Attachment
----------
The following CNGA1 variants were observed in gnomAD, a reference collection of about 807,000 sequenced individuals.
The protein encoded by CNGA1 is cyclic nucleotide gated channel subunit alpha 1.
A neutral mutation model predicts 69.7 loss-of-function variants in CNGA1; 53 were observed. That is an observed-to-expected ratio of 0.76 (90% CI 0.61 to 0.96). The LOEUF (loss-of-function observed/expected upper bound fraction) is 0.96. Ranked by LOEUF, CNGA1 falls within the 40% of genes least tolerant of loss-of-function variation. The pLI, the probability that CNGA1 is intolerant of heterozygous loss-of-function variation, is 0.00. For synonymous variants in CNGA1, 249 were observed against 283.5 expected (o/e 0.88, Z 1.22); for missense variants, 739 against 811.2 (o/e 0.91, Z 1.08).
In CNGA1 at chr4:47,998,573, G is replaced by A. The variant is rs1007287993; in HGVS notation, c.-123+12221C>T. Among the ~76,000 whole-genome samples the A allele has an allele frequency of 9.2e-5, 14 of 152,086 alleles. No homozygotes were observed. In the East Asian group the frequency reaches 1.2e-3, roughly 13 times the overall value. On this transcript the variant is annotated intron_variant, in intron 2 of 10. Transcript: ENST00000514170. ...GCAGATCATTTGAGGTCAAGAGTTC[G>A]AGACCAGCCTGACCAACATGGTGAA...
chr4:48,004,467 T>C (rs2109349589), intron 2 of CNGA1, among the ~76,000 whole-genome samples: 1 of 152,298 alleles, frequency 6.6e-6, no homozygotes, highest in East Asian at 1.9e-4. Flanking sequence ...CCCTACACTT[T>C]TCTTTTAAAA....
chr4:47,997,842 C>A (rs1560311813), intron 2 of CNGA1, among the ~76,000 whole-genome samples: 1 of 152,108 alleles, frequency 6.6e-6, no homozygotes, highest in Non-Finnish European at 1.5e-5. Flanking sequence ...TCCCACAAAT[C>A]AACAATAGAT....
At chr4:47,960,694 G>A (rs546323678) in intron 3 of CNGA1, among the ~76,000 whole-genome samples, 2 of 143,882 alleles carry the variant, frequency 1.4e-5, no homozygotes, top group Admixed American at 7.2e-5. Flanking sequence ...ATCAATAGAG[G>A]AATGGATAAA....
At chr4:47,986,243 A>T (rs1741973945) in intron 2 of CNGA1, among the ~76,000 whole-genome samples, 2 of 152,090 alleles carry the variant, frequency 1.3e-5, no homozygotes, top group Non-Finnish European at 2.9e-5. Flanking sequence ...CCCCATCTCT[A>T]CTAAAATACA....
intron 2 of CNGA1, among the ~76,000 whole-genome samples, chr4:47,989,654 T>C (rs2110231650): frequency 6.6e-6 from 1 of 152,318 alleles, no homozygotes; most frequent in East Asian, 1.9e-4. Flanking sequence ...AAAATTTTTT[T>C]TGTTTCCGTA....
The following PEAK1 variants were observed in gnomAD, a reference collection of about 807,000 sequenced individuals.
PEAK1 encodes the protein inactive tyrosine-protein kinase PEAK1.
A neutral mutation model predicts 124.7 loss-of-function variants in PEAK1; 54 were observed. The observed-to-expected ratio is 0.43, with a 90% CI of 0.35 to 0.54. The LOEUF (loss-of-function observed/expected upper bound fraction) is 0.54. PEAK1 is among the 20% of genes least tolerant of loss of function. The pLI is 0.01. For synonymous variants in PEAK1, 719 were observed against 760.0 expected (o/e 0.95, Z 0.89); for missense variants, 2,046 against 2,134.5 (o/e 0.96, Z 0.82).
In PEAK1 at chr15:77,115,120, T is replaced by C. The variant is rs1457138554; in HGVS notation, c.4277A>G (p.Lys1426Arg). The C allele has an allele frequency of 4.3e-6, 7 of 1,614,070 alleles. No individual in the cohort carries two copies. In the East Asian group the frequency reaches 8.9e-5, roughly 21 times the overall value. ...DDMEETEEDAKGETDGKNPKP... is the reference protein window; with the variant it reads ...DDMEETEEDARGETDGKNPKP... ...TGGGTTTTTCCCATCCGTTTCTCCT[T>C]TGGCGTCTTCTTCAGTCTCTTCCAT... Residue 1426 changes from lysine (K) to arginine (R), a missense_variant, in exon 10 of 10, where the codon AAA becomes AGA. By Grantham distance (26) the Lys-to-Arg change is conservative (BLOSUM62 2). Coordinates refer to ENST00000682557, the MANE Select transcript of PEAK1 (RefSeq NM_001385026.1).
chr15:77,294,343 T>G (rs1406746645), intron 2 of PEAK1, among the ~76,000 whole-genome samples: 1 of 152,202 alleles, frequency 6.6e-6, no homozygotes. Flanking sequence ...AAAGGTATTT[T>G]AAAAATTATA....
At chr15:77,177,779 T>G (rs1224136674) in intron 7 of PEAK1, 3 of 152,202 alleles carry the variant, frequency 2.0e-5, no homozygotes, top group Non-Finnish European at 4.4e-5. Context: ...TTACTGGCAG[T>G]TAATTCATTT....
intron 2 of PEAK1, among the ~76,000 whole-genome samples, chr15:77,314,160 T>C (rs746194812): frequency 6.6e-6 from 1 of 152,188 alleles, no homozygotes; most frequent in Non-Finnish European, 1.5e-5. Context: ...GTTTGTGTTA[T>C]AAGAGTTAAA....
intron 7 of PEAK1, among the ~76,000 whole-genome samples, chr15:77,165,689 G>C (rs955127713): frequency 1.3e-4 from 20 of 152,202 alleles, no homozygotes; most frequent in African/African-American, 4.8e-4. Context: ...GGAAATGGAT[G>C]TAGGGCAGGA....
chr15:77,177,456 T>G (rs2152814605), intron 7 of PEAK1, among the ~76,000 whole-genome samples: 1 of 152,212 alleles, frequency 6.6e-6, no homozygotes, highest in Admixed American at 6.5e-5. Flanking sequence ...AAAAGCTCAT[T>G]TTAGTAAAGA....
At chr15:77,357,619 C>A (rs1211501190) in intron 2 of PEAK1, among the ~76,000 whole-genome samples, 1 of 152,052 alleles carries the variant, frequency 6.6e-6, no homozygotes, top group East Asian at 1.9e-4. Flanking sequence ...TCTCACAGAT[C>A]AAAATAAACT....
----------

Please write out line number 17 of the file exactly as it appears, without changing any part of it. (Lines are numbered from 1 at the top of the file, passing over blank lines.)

intron 7 of PEAK1, among the ~76,000 whole-genome samples, chr15:77,165,689 G>C (rs955127713): frequency 1.3e-4 from 20 of 152,202 alleles, no homozygotes; most frequent in African/African-American, 4.8e-4. Context: ...GGAAATGGAT[G>C]TAGGGCAGGA....